CakeWillDo Mon 10-Mar-14 13:18:11

its very scary and it's getting harder each day. I now expect all aspects of day to day life will cause his control issue to be raised. Thas a sad situation to be in. I feel bad now as he is trying hard to not do it and be more reasonable. He's really worried I will leave and to be honest I think about it every day now. Not in a 'grass is greener' kind of way. More sadness at the possibility I may have to leave and break my family. I know he loves me that has never been a question. He's aware of how all his behaviour makes me feel and he was shocked. I want to try everything I can to make us work and he is saying the same. but his actions will be what decides it really. He's not normally one to work on the relationship. I suggest outings, date nights and trying to keep the spark so to speak. He's happy to just be in the same room and other things are just a bonus. Although hes trying now, but is that a permanent thing? I do love him and want to be happy with him. but it all adds up to not a good place. I have 2DC to consider and don't want to be the cause of their and DH hearbreak if I choose option C Cogito. Option a has been done, so it leaves b.

DonkeysDontRideBicycles Mon 10-Mar-14 15:55:30

That bereavement, shocking as it was, wasn't an excuse for him to avoid taking responsibility for his actions. Being shocked at the depth of your feelings isn't enough, and I don't think you're being heartless to mull over how you feel about him. If he's been chipping away at your confidence it's unreasonable of him to expect you to do all the spadework now.

Just wondering, do you have a social life outside your relationship? Do you have any close family living nearby? How about if you make them aware of the situation and have them on call should anything happen.

I'm not at all au fait with gaming but was once told that to kick is to disconnect a player from a game, either by software or by players. Your H doesn't seem to appreciate that you are close to calling it a day.

Keep up the counselling for now but if the counsellor gives you and H 'homework' make sure he gives it proper attention.

CakeWillDo Mon 10-Mar-14 16:41:59

I have a small social circle. See friends during the week and once a month a night at someones house. I have recently started going to the gym and I'm loving it. It's nice to have something just for megrin. My DB is aware of whats going on. I told him everything a few weeks ago. He encouraged counselling. Although he's not close by, I can always go to his if I need to. Only family here is DH's DM.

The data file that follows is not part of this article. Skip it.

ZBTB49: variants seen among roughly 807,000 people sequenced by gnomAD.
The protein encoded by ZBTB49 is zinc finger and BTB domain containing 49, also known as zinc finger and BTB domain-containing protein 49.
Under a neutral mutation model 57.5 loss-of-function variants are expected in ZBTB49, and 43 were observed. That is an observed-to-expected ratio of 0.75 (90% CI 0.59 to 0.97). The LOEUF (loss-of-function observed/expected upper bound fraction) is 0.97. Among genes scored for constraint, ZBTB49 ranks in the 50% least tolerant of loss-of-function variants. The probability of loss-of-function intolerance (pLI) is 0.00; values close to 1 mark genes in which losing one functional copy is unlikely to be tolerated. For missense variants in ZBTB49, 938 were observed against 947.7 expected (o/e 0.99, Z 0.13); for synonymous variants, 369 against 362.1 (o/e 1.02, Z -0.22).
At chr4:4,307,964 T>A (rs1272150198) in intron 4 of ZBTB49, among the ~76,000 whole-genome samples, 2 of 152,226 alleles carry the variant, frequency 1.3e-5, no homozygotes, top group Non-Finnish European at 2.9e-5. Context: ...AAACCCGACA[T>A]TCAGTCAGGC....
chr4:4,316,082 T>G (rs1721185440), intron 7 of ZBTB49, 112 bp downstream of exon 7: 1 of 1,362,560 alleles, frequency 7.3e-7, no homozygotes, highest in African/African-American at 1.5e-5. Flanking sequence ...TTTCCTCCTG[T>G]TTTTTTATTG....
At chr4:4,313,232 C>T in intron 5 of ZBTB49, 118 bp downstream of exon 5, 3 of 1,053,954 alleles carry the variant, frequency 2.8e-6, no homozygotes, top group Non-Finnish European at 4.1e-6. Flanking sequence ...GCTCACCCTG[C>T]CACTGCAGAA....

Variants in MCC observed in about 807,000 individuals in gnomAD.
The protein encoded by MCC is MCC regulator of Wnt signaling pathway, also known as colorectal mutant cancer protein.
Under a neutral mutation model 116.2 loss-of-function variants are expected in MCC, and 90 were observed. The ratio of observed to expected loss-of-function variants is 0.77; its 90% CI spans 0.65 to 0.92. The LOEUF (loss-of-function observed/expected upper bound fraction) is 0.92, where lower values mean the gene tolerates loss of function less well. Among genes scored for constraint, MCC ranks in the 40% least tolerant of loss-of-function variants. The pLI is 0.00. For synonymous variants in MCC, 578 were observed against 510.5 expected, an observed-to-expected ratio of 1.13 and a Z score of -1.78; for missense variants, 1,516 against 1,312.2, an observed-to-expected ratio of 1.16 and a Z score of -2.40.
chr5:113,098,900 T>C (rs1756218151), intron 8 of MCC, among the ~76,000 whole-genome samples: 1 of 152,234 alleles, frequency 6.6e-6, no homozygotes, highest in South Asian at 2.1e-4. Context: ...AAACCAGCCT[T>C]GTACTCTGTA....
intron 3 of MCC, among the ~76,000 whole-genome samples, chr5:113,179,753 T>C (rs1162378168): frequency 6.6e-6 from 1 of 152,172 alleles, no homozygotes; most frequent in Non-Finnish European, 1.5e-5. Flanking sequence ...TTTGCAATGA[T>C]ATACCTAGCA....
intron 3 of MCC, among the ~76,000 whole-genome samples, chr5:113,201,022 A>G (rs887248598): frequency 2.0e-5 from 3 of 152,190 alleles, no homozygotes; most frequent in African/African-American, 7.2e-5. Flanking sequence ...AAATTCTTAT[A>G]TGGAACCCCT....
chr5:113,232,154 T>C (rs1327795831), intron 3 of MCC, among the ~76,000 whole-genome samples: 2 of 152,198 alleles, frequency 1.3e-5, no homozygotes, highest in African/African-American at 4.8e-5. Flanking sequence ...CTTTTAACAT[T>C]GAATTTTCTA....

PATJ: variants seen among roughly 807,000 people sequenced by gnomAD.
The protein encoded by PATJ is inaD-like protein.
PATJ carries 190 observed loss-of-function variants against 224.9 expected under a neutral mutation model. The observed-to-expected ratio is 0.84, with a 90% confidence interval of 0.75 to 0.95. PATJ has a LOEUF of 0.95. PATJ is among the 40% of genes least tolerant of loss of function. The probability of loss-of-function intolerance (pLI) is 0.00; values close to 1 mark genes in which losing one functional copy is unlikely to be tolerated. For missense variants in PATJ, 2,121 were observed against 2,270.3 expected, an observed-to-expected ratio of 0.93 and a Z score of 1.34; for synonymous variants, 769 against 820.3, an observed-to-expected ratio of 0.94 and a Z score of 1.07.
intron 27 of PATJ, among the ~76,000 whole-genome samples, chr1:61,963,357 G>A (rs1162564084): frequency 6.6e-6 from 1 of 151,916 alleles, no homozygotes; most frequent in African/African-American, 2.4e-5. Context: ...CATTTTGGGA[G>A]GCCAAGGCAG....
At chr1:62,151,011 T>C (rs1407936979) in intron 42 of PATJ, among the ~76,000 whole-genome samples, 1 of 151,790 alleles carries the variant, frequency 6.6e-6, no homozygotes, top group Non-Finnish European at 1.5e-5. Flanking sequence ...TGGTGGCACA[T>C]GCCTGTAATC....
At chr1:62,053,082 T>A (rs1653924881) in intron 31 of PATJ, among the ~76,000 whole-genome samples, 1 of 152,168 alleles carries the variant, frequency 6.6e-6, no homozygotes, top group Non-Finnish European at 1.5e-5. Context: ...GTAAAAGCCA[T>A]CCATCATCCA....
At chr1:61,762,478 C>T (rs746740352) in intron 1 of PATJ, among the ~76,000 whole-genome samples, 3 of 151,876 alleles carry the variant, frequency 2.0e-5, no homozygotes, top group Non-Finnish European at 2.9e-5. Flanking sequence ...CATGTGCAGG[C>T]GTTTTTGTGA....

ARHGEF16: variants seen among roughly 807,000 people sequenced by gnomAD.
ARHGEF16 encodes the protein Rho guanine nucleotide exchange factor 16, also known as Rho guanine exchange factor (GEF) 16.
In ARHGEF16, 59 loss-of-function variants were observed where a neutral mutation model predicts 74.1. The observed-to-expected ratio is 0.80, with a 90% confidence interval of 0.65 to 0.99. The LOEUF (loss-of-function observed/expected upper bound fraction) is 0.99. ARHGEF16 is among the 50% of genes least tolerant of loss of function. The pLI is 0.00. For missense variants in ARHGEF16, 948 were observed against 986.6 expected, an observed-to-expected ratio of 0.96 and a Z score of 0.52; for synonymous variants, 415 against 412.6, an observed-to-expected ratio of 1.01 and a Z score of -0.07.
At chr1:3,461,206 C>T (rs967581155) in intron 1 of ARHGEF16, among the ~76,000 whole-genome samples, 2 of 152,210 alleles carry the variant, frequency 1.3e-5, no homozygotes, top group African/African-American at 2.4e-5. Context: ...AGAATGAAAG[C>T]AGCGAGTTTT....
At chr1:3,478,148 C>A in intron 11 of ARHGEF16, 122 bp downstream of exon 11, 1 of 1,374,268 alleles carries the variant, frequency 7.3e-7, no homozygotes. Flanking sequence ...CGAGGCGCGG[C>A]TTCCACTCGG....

CakeWillDo Tue 11-Mar-14 17:09:55

Well last night we talked and everything was laid out for him. The neglect and how he hurt me. I may have been to quick to put his behaviour down to grief. Turns out he figured I'd be fine in hospital as they would look after me. Im reeling form that revelationsad .He's said he's sorry and doesn't remember all of what i said, as it wasn't as emotinally significant to him at the time as it was me. He asked for one more chance. I will try, but today I have been so low. I take this is normal when you bring everything to the surface? I feel so sad that all the hurt wasn't just me being a drama queen. More a case that I appear to have married a very selfish mansad . any advice Cogito? you have a way with words.

wyrdyBird Tue 11-Mar-14 17:55:15

So sorry, Cake...I'm sure you are reeling. There's nothing worse than attributing someone's absence to intolerable pain, and finding it was actually ... well, indifference, perhaps.

I know a couple who lost a child in very sad circumstances. Neither used it as an excuse to withdraw, or play games, when the next child came along. Quite the reverse.

So I think you've been, if anything, too understanding of him. If he wants to be in control, to be right all the time, but doesn't offer support when you really need it and says horrible things, he doesn't sound much like a loving husband. He's got a lot of work to do before he becomes one.

DonkeysDontRideBicycles Tue 11-Mar-14 17:59:30

I'm glad you are close to your DB and have a life outside the home. Can quite see it was a shock hearing that at best, denseness not grief was to blame for DH's unwillingness to give you his care and attention. Seven weeks' gaming each time post-birth did sound excessive even for somone apparently not thinking straight.

AnyFucker Tue 11-Mar-14 18:57:30

One more chance, love ? He will let you down again. If you need to put yourself through that one more time to prove something to yourself then so be it. But the outcome will be the same sad

CakeWillDo Wed 12-Mar-14 09:46:11

I'm very much afraid that will be the case AnyFucker. But I want to know I did everything to try and rebuild a happy home, before ending it. But also give him a chanve with the knowledge if hanges don't occur he's out. Hopefully the fright of me wanting to leave (never been the case before) will be a wake up call it seems to have been. It may well be wishful thinking but I sincerely hope not. The alternative is a scary onesad.

AnyFucker Wed 12-Mar-14 12:54:40

I wish you all the best x